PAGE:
I would never admit this to the average third grader. But at an Ecuadorian cooking school, I dined on guinea pig.
It wasn't my favorite of the many dishes I learned to prepare at this out-of-the way cooking class in Panecillo, a tiny village outside Otavalo, but it was certainly the one that got my classmate's tongues wagging and cameras clicking.
In Ecuador, particularly in indigenous communities, guinea pigs are considered a delicacy. The furry creatures are roasted whole, cute little paws and all, over an open fire. In the local language, Kichwa, the name for this epicurean oddity is cuy, supposedly an imitation of their bird-like peep. They're so highly-prized that a mating pair is considered the ultimate wedding gift, and the parents of the family I lived with in nearby Quinchinche slept outside next to their cuy every night to discourage predators.
Ecuadorians also have a fondness for beetle larvae and a soup made from bull penis, but luckily Claudia Furez-Anrango, the anako-wearing beauty who hosted our cooking class, stuck with some of the more palatable specialties. A creative mix between Incan heritage and Old World dishes, Ecuadorian cuisine is known for its innumerable varieties of potato dishes, its incredible soups and the fiery heat of the aji pepper that's ground into a sauce and served at nearly every meal. To show off, a couple boys from the neighborhood gulped down a pair of the spicy aji peppers growing in the backyard. The resulting dancing and hooting made Spongebob Squarepants look almost catatonic.
Claudia reigns over a big indoor-outdoor kitchen in her family home, the same one used by her mom and three sisters for everyday cooking. Just to get there requires a 15-minute bus ride from Otavalo and a rather precarious walk down a hillside.
It's not only an authentic cooking experience, but a true cultural experience. While we were peeling potatoes for llapingachos, the traditional fried potato and cheese pancakes, adding raisins to the quimbolito batter and folding canna leaves into the packets in which they're steamed, Claudia's mother, sisters and adorable younger brother popped in to nod "hello," grab a spoon and giggle at our inability to properly pinch the sides of an empanada.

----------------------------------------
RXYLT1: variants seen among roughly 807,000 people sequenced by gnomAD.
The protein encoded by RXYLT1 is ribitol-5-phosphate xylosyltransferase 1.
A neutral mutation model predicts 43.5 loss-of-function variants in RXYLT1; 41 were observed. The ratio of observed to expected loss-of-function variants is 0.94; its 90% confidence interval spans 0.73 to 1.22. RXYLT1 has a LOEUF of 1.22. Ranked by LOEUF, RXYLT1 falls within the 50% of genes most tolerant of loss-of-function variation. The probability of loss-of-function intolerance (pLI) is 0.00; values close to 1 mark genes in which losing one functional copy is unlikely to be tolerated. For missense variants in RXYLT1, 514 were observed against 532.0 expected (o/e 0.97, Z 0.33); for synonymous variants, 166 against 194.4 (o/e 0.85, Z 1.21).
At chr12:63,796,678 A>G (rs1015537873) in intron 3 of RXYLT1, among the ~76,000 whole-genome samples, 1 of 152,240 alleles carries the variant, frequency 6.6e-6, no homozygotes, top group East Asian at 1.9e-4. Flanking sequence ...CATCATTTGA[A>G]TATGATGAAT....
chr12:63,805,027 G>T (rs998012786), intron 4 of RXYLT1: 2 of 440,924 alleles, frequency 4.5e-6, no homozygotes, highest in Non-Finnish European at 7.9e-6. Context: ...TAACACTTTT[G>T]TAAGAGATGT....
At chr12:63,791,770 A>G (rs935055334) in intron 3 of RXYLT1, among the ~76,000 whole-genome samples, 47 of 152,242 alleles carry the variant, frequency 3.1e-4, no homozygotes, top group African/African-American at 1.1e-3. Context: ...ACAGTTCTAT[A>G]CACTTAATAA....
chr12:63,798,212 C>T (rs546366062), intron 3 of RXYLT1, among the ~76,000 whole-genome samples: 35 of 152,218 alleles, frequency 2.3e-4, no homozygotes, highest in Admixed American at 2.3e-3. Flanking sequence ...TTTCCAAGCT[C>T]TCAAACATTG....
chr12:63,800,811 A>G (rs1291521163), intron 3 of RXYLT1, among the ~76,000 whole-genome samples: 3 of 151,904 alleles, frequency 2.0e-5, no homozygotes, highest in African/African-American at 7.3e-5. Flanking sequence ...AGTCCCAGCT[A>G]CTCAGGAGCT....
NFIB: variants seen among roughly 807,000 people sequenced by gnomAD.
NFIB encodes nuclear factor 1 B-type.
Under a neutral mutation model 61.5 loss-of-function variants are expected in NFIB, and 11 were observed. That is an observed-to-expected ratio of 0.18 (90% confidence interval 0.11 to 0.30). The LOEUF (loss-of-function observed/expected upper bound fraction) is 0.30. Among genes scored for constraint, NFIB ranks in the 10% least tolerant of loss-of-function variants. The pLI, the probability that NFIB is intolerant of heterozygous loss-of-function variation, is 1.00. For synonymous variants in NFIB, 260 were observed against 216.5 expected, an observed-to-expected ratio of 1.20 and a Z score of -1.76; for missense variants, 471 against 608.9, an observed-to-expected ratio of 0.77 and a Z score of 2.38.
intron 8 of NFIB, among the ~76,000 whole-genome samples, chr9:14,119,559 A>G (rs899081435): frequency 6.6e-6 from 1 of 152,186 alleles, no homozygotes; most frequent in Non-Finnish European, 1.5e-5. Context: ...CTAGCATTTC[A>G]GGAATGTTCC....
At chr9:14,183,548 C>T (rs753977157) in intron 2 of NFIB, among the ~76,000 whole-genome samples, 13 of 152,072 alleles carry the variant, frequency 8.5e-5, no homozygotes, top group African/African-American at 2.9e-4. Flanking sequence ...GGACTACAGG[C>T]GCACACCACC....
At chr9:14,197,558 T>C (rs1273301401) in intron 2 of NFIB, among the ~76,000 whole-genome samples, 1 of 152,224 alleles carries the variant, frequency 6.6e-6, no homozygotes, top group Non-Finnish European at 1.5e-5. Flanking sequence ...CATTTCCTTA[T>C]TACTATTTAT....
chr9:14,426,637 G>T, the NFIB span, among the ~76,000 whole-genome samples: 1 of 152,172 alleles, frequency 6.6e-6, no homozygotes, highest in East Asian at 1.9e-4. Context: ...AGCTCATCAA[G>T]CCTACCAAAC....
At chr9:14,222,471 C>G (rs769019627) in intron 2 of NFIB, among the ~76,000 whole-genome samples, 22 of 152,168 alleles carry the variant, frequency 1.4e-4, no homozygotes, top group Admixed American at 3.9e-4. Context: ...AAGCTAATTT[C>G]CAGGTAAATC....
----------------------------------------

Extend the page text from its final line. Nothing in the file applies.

Ingredients for the class are either plucked from the family garden or purchased hours earlier at the outdoor market. The cuy that -- dare I say it? -- tasted like chicken was donated by the family next door. And at the end of class, Claudia presented each of us with a hug to go with our pile of recipes.
When she's not arranging guinea pigs spread eagle on a spit, Claudia attends a tourism class. She's learning English and how to grow a small sustainable business that will benefit her family and the small community where they live. We heard about the class -- that isn't likely to show up in the back page ads of Cooking Light anytime soon -- through the Tandana Foundation.
This U.S. based non-profit offers volunteer opportunities in both highland Ecuador and in Mali's Dogon country. Started by motorcycle-riding Anna Taft, Tandana (it's a Kichwa word that means "to gather together") is not about "helping the poor unfortunates" or imposing a particular world view. Rather, it offers volunteers the opportunity to live with host families, participate in their communities and experience their culture firsthand. Sure, we taught vacation English courses, planted trees and worked in a health clinic, but the crux of the program was connecting with someone who looks at life through a different lens.
Sometimes that lens means eating guinea pig.
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